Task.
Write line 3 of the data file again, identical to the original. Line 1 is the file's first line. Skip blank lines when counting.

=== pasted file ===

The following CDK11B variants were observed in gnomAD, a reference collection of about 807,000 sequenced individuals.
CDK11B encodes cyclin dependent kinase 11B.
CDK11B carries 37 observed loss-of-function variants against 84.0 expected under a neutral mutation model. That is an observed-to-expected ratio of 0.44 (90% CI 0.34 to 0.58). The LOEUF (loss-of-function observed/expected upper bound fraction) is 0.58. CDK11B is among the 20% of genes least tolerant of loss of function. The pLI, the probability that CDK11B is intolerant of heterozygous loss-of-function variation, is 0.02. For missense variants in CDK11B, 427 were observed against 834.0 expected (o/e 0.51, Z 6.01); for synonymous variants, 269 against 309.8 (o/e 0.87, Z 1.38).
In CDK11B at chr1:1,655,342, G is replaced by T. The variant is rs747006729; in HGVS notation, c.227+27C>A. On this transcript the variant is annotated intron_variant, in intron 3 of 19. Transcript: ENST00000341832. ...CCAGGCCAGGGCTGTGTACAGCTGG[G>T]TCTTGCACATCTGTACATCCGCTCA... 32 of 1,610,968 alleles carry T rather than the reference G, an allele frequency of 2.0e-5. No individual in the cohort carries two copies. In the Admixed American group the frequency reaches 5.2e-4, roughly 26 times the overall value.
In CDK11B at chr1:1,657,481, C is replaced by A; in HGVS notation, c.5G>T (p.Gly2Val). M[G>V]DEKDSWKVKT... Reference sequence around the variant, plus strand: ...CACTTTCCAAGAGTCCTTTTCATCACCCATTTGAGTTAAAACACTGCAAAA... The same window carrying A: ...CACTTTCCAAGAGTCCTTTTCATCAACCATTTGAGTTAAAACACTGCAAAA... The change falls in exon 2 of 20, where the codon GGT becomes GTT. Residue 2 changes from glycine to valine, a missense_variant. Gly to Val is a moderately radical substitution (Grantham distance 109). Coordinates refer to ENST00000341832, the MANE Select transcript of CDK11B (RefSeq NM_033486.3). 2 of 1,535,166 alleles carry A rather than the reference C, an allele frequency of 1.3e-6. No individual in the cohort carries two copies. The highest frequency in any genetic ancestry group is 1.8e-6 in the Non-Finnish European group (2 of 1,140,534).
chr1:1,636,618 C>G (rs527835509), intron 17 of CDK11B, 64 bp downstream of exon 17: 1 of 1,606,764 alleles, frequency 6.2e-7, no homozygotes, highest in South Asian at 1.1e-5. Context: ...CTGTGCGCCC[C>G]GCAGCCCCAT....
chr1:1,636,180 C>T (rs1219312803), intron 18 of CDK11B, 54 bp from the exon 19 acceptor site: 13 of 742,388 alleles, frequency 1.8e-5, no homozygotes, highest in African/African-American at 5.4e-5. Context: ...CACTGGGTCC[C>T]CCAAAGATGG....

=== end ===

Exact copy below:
CDK11B carries 37 observed loss-of-function variants against 84.0 expected under a neutral mutation model. That is an observed-to-expected ratio of 0.44 (90% CI 0.34 to 0.58). The LOEUF (loss-of-function observed/expected upper bound fraction) is 0.58. CDK11B is among the 20% of genes least tolerant of loss of function. The pLI, the probability that CDK11B is intolerant of heterozygous loss-of-function variation, is 0.02. For missense variants in CDK11B, 427 were observed against 834.0 expected (o/e 0.51, Z 6.01); for synonymous variants, 269 against 309.8 (o/e 0.87, Z 1.38).